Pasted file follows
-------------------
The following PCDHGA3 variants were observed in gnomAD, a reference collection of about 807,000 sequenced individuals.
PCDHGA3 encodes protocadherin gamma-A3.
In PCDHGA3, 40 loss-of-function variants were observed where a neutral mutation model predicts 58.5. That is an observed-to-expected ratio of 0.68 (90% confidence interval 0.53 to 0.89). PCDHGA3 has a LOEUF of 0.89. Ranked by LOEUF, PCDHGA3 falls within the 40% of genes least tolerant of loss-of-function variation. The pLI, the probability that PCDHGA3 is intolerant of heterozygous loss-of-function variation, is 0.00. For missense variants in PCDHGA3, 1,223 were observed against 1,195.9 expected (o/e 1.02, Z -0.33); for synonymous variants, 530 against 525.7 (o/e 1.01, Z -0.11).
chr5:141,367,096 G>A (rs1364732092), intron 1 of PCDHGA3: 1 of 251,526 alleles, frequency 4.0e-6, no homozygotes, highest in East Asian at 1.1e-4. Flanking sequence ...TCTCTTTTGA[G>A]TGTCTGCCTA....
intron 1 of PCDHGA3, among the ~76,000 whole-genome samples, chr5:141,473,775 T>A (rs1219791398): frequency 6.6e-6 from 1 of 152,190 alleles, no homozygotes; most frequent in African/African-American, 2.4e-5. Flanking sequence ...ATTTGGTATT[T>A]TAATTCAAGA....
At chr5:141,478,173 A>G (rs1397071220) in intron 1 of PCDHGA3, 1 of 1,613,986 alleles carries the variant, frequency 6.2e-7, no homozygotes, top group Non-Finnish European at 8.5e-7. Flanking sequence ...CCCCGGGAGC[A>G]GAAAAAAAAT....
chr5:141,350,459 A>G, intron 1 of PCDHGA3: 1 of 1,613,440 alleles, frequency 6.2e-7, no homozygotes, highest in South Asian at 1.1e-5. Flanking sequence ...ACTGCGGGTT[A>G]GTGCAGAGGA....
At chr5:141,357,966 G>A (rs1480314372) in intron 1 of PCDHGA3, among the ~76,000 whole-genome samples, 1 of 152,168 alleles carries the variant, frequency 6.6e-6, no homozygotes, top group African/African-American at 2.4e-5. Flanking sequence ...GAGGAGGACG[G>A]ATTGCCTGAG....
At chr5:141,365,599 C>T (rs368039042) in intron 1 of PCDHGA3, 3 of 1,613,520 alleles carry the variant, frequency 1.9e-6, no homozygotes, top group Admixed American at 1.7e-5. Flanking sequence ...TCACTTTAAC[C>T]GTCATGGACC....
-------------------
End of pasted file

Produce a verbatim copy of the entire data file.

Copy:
The following PCDHGA3 variants were observed in gnomAD, a reference collection of about 807,000 sequenced individuals.
PCDHGA3 encodes protocadherin gamma-A3.
In PCDHGA3, 40 loss-of-function variants were observed where a neutral mutation model predicts 58.5. That is an observed-to-expected ratio of 0.68 (90% confidence interval 0.53 to 0.89). PCDHGA3 has a LOEUF of 0.89. Ranked by LOEUF, PCDHGA3 falls within the 40% of genes least tolerant of loss-of-function variation. The pLI, the probability that PCDHGA3 is intolerant of heterozygous loss-of-function variation, is 0.00. For missense variants in PCDHGA3, 1,223 were observed against 1,195.9 expected (o/e 1.02, Z -0.33); for synonymous variants, 530 against 525.7 (o/e 1.01, Z -0.11).
chr5:141,367,096 G>A (rs1364732092), intron 1 of PCDHGA3: 1 of 251,526 alleles, frequency 4.0e-6, no homozygotes, highest in East Asian at 1.1e-4. Flanking sequence ...TCTCTTTTGA[G>A]TGTCTGCCTA....
intron 1 of PCDHGA3, among the ~76,000 whole-genome samples, chr5:141,473,775 T>A (rs1219791398): frequency 6.6e-6 from 1 of 152,190 alleles, no homozygotes; most frequent in African/African-American, 2.4e-5. Flanking sequence ...ATTTGGTATT[T>A]TAATTCAAGA....
At chr5:141,478,173 A>G (rs1397071220) in intron 1 of PCDHGA3, 1 of 1,613,986 alleles carries the variant, frequency 6.2e-7, no homozygotes, top group Non-Finnish European at 8.5e-7. Flanking sequence ...CCCCGGGAGC[A>G]GAAAAAAAAT....
chr5:141,350,459 A>G, intron 1 of PCDHGA3: 1 of 1,613,440 alleles, frequency 6.2e-7, no homozygotes, highest in South Asian at 1.1e-5. Flanking sequence ...ACTGCGGGTT[A>G]GTGCAGAGGA....
At chr5:141,357,966 G>A (rs1480314372) in intron 1 of PCDHGA3, among the ~76,000 whole-genome samples, 1 of 152,168 alleles carries the variant, frequency 6.6e-6, no homozygotes, top group African/African-American at 2.4e-5. Flanking sequence ...GAGGAGGACG[G>A]ATTGCCTGAG....
At chr5:141,365,599 C>T (rs368039042) in intron 1 of PCDHGA3, 3 of 1,613,520 alleles carry the variant, frequency 1.9e-6, no homozygotes, top group Admixed American at 1.7e-5. Flanking sequence ...TCACTTTAAC[C>T]GTCATGGACC....